The ballots have been cast, the votes have been counted, and we are delighted to announce the winners of this year’s MHM book awards! We curated a list of the year’s best military history titles, and asked our readers to vote for their favourites. Our selection includes some of the best-researched, most-insightful, and most-readable titles […]
War and violence are the last things one would associate with that 19th-century doyenne of English literature, Jane Austen. Ambles in the countryside, flirtatious glances, frocks with lace and frills, and the relentless pursuit of wealthy bachelors are the more likely images conjured by her name.
Yet conventional interpretations of the novelist’s work lack reference to a crucial context – that of war. For most of Jane Austen’s life, Britain was involved in conflicts of varying existential significance across the globe.
The epic defence of Chakdara is intriguing. It lasted a week (26 July-2 August 1897), involved 240 men defending an isolated post against up to 8,000 tribal warriors, and had a big impact on the British public back home at the time. But no VCs were awarded, and the action is almost totally forgotten today. Why?
Could the Germans have won the First World War in 1918? Almost certainly. A quarter of a century later, the tide of war would turn irretrievably against Hitler’s Third Reich in 1942/1943. The massive industrial power of the Soviet Union and the United States combined – still rising towards a wartime peak –guaranteed eventual defeat. The outcome was far more open in 1917/1918.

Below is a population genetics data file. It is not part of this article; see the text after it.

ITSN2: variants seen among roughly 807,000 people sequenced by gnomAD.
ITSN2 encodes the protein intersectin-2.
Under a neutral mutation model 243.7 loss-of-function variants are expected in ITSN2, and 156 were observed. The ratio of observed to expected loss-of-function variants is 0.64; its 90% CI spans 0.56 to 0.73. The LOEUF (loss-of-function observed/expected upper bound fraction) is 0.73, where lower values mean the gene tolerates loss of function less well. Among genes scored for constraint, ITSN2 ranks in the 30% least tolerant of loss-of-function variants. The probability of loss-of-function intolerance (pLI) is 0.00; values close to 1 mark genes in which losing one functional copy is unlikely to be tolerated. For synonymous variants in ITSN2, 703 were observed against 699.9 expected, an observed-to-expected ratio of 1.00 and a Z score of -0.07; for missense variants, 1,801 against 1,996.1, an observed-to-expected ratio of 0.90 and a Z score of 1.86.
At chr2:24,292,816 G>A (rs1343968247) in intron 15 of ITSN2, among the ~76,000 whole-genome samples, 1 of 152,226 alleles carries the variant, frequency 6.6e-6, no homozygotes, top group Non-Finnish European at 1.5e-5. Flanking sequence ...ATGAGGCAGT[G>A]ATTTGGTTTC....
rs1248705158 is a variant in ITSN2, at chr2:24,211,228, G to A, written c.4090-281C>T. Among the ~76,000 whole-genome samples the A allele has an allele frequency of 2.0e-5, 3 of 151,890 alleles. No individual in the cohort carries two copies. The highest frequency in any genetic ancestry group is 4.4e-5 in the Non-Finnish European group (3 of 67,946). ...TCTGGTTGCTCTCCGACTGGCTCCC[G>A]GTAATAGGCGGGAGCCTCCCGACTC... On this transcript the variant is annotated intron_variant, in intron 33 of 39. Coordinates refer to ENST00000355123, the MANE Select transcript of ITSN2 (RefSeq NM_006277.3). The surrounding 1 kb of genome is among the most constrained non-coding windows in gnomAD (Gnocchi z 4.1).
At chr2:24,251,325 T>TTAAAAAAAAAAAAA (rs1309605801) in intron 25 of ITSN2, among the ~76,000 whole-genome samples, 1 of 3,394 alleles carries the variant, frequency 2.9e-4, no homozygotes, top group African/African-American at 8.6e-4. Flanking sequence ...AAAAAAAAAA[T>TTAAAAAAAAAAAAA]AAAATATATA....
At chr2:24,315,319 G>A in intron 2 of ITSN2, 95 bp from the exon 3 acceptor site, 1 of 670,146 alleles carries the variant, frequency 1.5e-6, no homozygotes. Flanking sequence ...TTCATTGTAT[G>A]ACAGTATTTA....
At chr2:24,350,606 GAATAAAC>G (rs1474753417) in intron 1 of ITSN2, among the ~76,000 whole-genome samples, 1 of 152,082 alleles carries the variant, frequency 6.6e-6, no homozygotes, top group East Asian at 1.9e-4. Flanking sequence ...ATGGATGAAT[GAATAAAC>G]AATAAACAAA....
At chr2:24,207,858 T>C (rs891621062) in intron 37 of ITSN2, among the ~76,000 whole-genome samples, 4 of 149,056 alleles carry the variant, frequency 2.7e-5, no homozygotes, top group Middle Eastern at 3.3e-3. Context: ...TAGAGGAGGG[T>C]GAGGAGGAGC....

‘Easily the bloodiest single battle fought in the war.’ Mark Bowden, the journalist and acclaimed author of Black Hawk Down and Killing Pablo, talks about his new book Hué 1968.
What is the role of the individual in history? The collaboration between Robert E Lee and Thomas ‘Stonewall’ Jackson changed the course of the American Civil War. Before Lee’s appointment, and his choice of Jackson as second-in-command, the conflict would likely have ended in 1862. We look back at one of history’s great military partnerships.
Gervase Phillips reports on the vital role of the ‘pigeon post’ amid Passchendaele’s waterlogged crater-fields. For Major Alec Waley, the commanding officer of the British Expeditionary Force’s Carrier Pigeon Service, 31 July 1917 was a peculiarly tense day, but ultimately a very satisfying one. It was the first day of the Third Battle of Ypres […]
As the years draw on, the events of the First World War slowly fade from living memory. Scattered across the globe, the battlefields – once witness to the carnage of industrialised slaughter – today rest in relative peace.
The war devastated Vietnam and tore America apart. As the body bags returned home in their thousands, US generals – who once believed victory was assured – started to wonder how best to admit defeat and withdraw. Over 50 years after it began, MHM looks back on the Vietnam War.
The bloody end met by Mary Queen of Scots at the hands of her cousin Elizabeth I of England is well known. But what of Mary’s early reign? Hazel Blair explores how events on the Continent impacted Anglo-Scottish relations in the 16th century, and explains the background to a savage ten-year war between Tudor and Stewart.